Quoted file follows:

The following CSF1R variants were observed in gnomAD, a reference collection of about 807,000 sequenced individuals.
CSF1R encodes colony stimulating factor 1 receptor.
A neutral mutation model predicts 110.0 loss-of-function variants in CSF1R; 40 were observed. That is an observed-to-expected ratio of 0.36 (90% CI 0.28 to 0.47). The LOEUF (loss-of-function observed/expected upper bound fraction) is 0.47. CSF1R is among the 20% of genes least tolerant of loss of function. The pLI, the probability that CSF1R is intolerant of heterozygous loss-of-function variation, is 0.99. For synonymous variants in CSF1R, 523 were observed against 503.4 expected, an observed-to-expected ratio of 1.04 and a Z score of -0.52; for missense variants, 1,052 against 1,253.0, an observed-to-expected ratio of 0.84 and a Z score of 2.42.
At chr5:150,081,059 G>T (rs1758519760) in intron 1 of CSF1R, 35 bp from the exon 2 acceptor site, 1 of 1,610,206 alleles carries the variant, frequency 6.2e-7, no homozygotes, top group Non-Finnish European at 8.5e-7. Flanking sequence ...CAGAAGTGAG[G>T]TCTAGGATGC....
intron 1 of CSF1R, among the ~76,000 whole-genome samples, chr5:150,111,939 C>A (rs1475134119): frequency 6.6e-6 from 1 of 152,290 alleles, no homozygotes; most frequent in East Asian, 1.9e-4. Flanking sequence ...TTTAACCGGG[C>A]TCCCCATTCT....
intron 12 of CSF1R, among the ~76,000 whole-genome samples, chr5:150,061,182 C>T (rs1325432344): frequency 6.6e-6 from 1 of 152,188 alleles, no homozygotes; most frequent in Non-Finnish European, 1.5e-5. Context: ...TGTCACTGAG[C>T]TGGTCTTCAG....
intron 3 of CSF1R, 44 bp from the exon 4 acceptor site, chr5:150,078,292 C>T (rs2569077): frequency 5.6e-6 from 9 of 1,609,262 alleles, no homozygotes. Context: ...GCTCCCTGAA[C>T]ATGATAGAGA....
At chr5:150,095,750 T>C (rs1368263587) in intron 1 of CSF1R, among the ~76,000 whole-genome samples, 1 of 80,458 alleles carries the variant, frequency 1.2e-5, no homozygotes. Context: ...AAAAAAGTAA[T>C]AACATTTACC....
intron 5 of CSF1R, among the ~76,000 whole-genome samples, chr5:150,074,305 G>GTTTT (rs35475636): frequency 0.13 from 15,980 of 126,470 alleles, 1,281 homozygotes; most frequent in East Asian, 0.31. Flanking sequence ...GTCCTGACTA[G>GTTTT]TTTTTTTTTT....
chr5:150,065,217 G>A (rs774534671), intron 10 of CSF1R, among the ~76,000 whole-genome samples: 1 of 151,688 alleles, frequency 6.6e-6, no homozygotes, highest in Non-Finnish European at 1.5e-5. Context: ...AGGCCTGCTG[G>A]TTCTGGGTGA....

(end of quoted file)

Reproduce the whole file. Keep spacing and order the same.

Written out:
The following CSF1R variants were observed in gnomAD, a reference collection of about 807,000 sequenced individuals.
CSF1R encodes colony stimulating factor 1 receptor.
A neutral mutation model predicts 110.0 loss-of-function variants in CSF1R; 40 were observed. That is an observed-to-expected ratio of 0.36 (90% CI 0.28 to 0.47). The LOEUF (loss-of-function observed/expected upper bound fraction) is 0.47. CSF1R is among the 20% of genes least tolerant of loss of function. The pLI, the probability that CSF1R is intolerant of heterozygous loss-of-function variation, is 0.99. For synonymous variants in CSF1R, 523 were observed against 503.4 expected, an observed-to-expected ratio of 1.04 and a Z score of -0.52; for missense variants, 1,052 against 1,253.0, an observed-to-expected ratio of 0.84 and a Z score of 2.42.
At chr5:150,081,059 G>T (rs1758519760) in intron 1 of CSF1R, 35 bp from the exon 2 acceptor site, 1 of 1,610,206 alleles carries the variant, frequency 6.2e-7, no homozygotes, top group Non-Finnish European at 8.5e-7. Flanking sequence ...CAGAAGTGAG[G>T]TCTAGGATGC....
intron 1 of CSF1R, among the ~76,000 whole-genome samples, chr5:150,111,939 C>A (rs1475134119): frequency 6.6e-6 from 1 of 152,290 alleles, no homozygotes; most frequent in East Asian, 1.9e-4. Flanking sequence ...TTTAACCGGG[C>A]TCCCCATTCT....
intron 12 of CSF1R, among the ~76,000 whole-genome samples, chr5:150,061,182 C>T (rs1325432344): frequency 6.6e-6 from 1 of 152,188 alleles, no homozygotes; most frequent in Non-Finnish European, 1.5e-5. Context: ...TGTCACTGAG[C>T]TGGTCTTCAG....
intron 3 of CSF1R, 44 bp from the exon 4 acceptor site, chr5:150,078,292 C>T (rs2569077): frequency 5.6e-6 from 9 of 1,609,262 alleles, no homozygotes. Context: ...GCTCCCTGAA[C>T]ATGATAGAGA....
At chr5:150,095,750 T>C (rs1368263587) in intron 1 of CSF1R, among the ~76,000 whole-genome samples, 1 of 80,458 alleles carries the variant, frequency 1.2e-5, no homozygotes. Context: ...AAAAAAGTAA[T>C]AACATTTACC....
intron 5 of CSF1R, among the ~76,000 whole-genome samples, chr5:150,074,305 G>GTTTT (rs35475636): frequency 0.13 from 15,980 of 126,470 alleles, 1,281 homozygotes; most frequent in East Asian, 0.31. Flanking sequence ...GTCCTGACTA[G>GTTTT]TTTTTTTTTT....
chr5:150,065,217 G>A (rs774534671), intron 10 of CSF1R, among the ~76,000 whole-genome samples: 1 of 151,688 alleles, frequency 6.6e-6, no homozygotes, highest in Non-Finnish European at 1.5e-5. Context: ...AGGCCTGCTG[G>A]TTCTGGGTGA....